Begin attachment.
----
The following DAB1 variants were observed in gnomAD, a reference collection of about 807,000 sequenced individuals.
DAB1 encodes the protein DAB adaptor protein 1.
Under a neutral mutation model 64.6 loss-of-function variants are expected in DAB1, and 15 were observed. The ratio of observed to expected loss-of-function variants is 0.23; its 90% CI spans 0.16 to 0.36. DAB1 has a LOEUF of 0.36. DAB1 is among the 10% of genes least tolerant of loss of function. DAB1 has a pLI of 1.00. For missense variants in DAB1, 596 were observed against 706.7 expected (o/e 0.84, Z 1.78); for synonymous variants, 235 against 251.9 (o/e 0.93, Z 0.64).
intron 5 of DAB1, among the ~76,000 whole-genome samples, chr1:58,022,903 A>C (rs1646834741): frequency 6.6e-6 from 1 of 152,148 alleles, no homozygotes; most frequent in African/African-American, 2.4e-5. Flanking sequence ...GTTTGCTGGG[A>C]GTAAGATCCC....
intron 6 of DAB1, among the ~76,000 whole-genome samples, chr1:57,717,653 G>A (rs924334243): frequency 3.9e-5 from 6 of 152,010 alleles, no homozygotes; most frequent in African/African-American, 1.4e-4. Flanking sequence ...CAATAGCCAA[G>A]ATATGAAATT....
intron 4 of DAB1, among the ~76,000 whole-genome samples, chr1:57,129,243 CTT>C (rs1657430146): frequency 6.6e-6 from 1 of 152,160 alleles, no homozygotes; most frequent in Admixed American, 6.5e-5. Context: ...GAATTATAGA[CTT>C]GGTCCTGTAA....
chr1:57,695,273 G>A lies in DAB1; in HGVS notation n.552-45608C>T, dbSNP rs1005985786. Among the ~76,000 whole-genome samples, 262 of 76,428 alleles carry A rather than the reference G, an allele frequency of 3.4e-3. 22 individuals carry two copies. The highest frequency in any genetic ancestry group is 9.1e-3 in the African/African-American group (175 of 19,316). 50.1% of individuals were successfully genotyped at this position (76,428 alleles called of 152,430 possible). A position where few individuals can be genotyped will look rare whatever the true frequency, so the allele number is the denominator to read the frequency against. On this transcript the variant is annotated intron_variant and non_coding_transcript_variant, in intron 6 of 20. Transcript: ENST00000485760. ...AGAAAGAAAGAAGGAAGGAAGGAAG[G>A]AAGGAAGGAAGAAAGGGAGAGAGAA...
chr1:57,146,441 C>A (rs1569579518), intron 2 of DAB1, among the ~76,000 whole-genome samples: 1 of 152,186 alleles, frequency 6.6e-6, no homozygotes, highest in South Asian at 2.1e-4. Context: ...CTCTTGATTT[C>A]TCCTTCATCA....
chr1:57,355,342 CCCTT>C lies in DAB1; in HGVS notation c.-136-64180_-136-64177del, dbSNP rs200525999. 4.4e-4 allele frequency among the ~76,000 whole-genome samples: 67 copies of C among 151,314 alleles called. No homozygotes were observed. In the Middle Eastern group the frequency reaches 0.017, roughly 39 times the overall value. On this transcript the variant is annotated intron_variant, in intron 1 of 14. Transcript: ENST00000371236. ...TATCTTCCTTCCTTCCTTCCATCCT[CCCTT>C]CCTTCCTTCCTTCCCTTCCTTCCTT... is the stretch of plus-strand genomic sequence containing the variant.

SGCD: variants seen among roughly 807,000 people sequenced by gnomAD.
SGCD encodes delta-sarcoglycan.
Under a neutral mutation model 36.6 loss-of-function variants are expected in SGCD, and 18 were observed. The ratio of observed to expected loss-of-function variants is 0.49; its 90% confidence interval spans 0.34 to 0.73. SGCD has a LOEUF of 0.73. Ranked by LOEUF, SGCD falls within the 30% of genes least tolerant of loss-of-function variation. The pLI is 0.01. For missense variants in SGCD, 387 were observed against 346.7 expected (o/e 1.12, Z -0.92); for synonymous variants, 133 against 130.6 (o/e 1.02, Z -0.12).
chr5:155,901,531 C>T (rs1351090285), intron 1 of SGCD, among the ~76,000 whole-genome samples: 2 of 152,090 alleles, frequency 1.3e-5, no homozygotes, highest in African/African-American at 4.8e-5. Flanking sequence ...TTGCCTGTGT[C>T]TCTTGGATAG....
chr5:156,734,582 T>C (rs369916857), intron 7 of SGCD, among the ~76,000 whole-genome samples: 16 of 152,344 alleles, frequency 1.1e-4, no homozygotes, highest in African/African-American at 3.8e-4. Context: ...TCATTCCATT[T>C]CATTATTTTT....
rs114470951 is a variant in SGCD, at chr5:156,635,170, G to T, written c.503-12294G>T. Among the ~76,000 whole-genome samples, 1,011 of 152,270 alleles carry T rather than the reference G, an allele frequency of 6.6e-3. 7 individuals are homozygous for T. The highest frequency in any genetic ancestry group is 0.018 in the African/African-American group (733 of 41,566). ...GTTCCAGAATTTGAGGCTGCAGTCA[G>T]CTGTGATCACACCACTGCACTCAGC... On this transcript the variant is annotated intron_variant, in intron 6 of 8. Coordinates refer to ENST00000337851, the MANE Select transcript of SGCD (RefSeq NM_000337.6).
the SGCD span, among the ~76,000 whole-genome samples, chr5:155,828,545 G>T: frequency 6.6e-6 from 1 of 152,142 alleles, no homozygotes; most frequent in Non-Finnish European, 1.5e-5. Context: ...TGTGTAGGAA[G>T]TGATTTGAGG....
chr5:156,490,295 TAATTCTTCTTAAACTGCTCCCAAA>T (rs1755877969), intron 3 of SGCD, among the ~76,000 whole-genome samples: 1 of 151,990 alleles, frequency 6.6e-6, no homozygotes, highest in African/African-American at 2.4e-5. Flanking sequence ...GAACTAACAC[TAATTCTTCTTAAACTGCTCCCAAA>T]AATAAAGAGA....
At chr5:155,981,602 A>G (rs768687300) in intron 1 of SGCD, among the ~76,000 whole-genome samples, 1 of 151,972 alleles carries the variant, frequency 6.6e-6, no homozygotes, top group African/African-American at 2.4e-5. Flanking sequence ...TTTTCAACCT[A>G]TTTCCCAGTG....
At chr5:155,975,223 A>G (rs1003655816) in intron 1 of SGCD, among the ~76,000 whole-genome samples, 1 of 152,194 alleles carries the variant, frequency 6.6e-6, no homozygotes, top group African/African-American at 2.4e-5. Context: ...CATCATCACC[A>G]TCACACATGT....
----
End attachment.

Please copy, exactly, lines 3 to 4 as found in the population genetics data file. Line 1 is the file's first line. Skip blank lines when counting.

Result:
Under a neutral mutation model 64.6 loss-of-function variants are expected in DAB1, and 15 were observed. The ratio of observed to expected loss-of-function variants is 0.23; its 90% CI spans 0.16 to 0.36. DAB1 has a LOEUF of 0.36. DAB1 is among the 10% of genes least tolerant of loss of function. DAB1 has a pLI of 1.00. For missense variants in DAB1, 596 were observed against 706.7 expected (o/e 0.84, Z 1.78); for synonymous variants, 235 against 251.9 (o/e 0.93, Z 0.64).
intron 5 of DAB1, among the ~76,000 whole-genome samples, chr1:58,022,903 A>C (rs1646834741): frequency 6.6e-6 from 1 of 152,148 alleles, no homozygotes; most frequent in African/African-American, 2.4e-5. Flanking sequence ...GTTTGCTGGG[A>C]GTAAGATCCC....